Home >> A-treatise-on-roads-and-pavements-1903 >> Forms Of Construction to Setting The Telford >> Improving Old Roads

Improving Old Roads

surface, traffic and road

IMPROVING OLD ROADS. Country roads may be improved in any of several ways: 1. By changing the location, to secure better alignment or lower gradients. The method of doing this has been discussed in Art. 2, Chapter I.

2. By cutting down the hills and filling up the hollows, to secure easier gradients. A hill may be cut down without seriously inter fering with traffic by cutting one side of the roadway down a foot or two with drag or wheel scrapers ( 141), and then turning traffic on this portion and lowering the other side, continuing to cut down each side alternately until the desired depth is reached. If the earth is deposited upon the embankment in the hollow, the traffic will consolidate the road as it is built up, which is very desirable.

3. By laying tile and cutting open ditches, to improve the drain age, as has been discussed in 98-113.

4. By re-forming the surface by the use of the scraping grader, to improve surface drainage, as discussed in 145-46.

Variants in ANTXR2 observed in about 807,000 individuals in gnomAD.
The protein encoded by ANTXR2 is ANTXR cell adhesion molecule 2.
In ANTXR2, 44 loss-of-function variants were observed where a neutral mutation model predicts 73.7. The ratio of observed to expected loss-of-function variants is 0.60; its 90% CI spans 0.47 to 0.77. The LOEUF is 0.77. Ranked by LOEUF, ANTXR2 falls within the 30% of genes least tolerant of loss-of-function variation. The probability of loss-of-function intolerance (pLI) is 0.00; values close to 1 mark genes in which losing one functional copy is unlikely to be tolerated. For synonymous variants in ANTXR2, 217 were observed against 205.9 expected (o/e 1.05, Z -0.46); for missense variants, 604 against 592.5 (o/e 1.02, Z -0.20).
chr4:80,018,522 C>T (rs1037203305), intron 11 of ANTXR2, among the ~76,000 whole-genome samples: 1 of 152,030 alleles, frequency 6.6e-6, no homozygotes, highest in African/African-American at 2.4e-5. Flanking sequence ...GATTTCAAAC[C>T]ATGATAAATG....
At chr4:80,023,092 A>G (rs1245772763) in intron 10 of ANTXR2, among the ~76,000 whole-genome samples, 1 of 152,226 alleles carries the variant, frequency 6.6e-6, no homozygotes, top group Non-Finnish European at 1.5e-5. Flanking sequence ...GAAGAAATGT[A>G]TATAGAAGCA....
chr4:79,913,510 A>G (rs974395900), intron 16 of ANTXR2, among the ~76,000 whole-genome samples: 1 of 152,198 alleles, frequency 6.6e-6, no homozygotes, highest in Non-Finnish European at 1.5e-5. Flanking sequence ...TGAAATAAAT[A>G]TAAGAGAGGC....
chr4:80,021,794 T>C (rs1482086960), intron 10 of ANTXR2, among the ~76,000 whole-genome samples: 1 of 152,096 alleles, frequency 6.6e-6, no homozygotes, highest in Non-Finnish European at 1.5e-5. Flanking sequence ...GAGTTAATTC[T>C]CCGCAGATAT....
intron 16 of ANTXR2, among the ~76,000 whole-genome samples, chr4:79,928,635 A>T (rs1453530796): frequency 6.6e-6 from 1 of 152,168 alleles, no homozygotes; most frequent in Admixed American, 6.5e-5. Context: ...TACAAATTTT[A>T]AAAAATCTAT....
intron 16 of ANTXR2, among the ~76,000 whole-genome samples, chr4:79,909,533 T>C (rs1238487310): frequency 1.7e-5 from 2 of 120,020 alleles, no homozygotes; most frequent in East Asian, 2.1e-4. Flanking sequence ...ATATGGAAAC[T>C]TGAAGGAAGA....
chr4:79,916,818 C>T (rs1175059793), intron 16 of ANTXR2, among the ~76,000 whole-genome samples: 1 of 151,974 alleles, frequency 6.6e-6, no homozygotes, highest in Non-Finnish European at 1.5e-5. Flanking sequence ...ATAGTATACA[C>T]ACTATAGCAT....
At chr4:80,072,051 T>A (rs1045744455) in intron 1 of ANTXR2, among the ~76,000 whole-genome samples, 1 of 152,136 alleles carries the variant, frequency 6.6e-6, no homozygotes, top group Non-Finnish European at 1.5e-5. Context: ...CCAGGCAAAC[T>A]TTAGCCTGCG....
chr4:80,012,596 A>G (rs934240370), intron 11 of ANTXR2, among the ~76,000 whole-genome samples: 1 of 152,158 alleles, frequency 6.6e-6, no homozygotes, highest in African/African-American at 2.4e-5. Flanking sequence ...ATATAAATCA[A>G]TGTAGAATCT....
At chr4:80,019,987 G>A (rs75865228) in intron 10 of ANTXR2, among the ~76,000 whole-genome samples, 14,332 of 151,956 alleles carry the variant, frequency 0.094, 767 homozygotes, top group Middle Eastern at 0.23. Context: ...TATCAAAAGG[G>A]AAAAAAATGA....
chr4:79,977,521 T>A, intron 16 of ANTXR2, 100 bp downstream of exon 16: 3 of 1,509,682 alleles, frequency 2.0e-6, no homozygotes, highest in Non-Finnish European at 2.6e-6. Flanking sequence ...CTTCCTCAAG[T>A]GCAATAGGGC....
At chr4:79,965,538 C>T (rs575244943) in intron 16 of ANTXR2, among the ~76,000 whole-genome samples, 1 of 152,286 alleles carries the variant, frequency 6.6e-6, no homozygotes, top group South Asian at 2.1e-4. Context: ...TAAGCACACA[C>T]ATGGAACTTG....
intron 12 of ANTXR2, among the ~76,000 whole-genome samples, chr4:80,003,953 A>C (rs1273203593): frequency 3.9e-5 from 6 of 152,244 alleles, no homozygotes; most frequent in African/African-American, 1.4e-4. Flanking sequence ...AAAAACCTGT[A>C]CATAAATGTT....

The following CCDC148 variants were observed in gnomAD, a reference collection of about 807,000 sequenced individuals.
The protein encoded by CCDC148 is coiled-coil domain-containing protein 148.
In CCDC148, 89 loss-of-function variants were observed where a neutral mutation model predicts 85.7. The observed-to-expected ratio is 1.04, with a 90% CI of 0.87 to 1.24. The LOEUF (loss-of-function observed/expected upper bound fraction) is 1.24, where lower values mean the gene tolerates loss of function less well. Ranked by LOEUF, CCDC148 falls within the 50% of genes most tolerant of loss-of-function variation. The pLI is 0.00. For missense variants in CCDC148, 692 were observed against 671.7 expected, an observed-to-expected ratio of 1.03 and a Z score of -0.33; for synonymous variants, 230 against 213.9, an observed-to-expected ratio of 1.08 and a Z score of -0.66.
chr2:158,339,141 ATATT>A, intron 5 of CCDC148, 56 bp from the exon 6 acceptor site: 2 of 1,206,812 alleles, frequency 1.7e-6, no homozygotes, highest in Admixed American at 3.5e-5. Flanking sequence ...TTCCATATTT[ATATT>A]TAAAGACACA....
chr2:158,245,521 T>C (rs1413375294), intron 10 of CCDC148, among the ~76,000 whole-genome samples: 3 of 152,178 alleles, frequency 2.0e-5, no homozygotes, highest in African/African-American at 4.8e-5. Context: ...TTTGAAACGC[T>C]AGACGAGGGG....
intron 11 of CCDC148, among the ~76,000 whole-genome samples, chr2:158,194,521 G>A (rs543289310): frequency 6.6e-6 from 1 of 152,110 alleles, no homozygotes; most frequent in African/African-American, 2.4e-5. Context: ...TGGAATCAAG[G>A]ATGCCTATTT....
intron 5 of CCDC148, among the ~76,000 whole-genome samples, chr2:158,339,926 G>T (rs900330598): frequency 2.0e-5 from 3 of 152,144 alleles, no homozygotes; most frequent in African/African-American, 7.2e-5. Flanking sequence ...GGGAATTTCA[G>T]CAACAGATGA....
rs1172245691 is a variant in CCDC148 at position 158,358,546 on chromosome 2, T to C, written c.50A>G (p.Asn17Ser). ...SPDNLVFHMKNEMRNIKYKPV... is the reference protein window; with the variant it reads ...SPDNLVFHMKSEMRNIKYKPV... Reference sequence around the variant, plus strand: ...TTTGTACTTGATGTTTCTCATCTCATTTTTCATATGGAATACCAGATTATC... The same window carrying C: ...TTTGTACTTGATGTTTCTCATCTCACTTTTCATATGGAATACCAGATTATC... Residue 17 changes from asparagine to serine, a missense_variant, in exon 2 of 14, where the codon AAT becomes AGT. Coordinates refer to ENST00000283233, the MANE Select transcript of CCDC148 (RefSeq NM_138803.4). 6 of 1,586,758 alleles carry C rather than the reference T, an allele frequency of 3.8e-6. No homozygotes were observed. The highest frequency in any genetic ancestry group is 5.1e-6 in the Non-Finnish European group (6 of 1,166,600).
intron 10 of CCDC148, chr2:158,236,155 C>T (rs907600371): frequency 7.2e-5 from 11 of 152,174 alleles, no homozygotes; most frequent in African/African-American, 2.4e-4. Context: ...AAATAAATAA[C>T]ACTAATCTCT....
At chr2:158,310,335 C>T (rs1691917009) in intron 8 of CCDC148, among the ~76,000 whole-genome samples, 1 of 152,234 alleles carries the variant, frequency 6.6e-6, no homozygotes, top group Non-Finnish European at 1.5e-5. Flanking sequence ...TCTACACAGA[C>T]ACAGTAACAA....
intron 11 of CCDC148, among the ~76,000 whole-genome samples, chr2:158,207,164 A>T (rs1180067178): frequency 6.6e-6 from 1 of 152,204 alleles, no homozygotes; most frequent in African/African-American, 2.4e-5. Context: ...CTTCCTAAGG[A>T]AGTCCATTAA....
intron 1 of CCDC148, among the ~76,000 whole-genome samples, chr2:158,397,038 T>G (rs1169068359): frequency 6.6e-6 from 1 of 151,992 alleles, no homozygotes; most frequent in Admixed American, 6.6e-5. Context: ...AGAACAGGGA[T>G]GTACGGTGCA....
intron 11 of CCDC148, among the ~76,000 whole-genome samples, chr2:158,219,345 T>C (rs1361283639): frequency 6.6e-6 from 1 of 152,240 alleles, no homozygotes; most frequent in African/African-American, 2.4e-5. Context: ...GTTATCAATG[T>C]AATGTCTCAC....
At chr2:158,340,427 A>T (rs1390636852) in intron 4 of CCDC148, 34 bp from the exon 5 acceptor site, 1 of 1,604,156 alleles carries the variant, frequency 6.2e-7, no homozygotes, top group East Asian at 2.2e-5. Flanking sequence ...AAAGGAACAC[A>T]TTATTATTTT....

5. By adding sand or gravel to a clay road, or clay to a sand road, to improve the surface. When dry, clay makes a very hard.

and durable surface; but it absorbs water quite freely from above, and is so impermeable that it is not easily drained from below, con sequently clay roads are very bad during a wet time. Clean coarse

sand or small gravel mixed with the clay will form a hard surface that is nearly impervious to water, and consequently is not readily softened by it. Sand may be laid on in thin layers and left to be worked in by traffic; or it may be worked in with a harrow or culti vator and then rolled. Cinders may be used in a similar manner; but pebbles, the largest of which are about the size of a pea, are best for this purpose. They should be laid on in a two-inch layer and then rolled, the roadway being previously sprinkled if it is not already soft. After applying and rolling in a layer of pebbles, the road should be opened to traffic for a month or two, after which another layer should be added. Three or four layers will make a road fairly good except during a long-continued wet time. Each layer will improve the surface, but this method of hardening the surface should not be confounded with the method of constructing gravel roads discussed in Chapter III.